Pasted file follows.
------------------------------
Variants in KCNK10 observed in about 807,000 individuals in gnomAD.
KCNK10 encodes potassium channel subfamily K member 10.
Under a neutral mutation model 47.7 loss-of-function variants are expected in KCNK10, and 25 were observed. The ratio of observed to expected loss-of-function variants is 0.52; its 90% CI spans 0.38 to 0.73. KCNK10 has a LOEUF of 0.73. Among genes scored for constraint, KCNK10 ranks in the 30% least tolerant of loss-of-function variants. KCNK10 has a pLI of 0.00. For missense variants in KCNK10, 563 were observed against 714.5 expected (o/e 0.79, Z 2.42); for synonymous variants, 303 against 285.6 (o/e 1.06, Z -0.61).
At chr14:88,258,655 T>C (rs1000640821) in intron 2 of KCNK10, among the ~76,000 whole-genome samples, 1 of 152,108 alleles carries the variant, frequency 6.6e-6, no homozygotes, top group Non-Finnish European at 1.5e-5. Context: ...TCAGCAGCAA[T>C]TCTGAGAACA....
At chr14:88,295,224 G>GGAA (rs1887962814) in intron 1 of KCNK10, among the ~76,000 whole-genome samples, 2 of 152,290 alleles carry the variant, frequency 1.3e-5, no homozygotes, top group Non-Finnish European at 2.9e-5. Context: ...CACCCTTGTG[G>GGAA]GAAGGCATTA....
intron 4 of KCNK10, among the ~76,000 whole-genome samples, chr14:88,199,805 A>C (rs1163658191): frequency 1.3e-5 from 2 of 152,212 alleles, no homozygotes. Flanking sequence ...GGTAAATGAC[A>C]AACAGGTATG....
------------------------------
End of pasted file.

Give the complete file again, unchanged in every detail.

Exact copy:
Variants in KCNK10 observed in about 807,000 individuals in gnomAD.
KCNK10 encodes potassium channel subfamily K member 10.
Under a neutral mutation model 47.7 loss-of-function variants are expected in KCNK10, and 25 were observed. The ratio of observed to expected loss-of-function variants is 0.52; its 90% CI spans 0.38 to 0.73. KCNK10 has a LOEUF of 0.73. Among genes scored for constraint, KCNK10 ranks in the 30% least tolerant of loss-of-function variants. KCNK10 has a pLI of 0.00. For missense variants in KCNK10, 563 were observed against 714.5 expected (o/e 0.79, Z 2.42); for synonymous variants, 303 against 285.6 (o/e 1.06, Z -0.61).
At chr14:88,258,655 T>C (rs1000640821) in intron 2 of KCNK10, among the ~76,000 whole-genome samples, 1 of 152,108 alleles carries the variant, frequency 6.6e-6, no homozygotes, top group Non-Finnish European at 1.5e-5. Context: ...TCAGCAGCAA[T>C]TCTGAGAACA....
At chr14:88,295,224 G>GGAA (rs1887962814) in intron 1 of KCNK10, among the ~76,000 whole-genome samples, 2 of 152,290 alleles carry the variant, frequency 1.3e-5, no homozygotes, top group Non-Finnish European at 2.9e-5. Context: ...CACCCTTGTG[G>GGAA]GAAGGCATTA....
intron 4 of KCNK10, among the ~76,000 whole-genome samples, chr14:88,199,805 A>C (rs1163658191): frequency 1.3e-5 from 2 of 152,212 alleles, no homozygotes. Flanking sequence ...GGTAAATGAC[A>C]AACAGGTATG....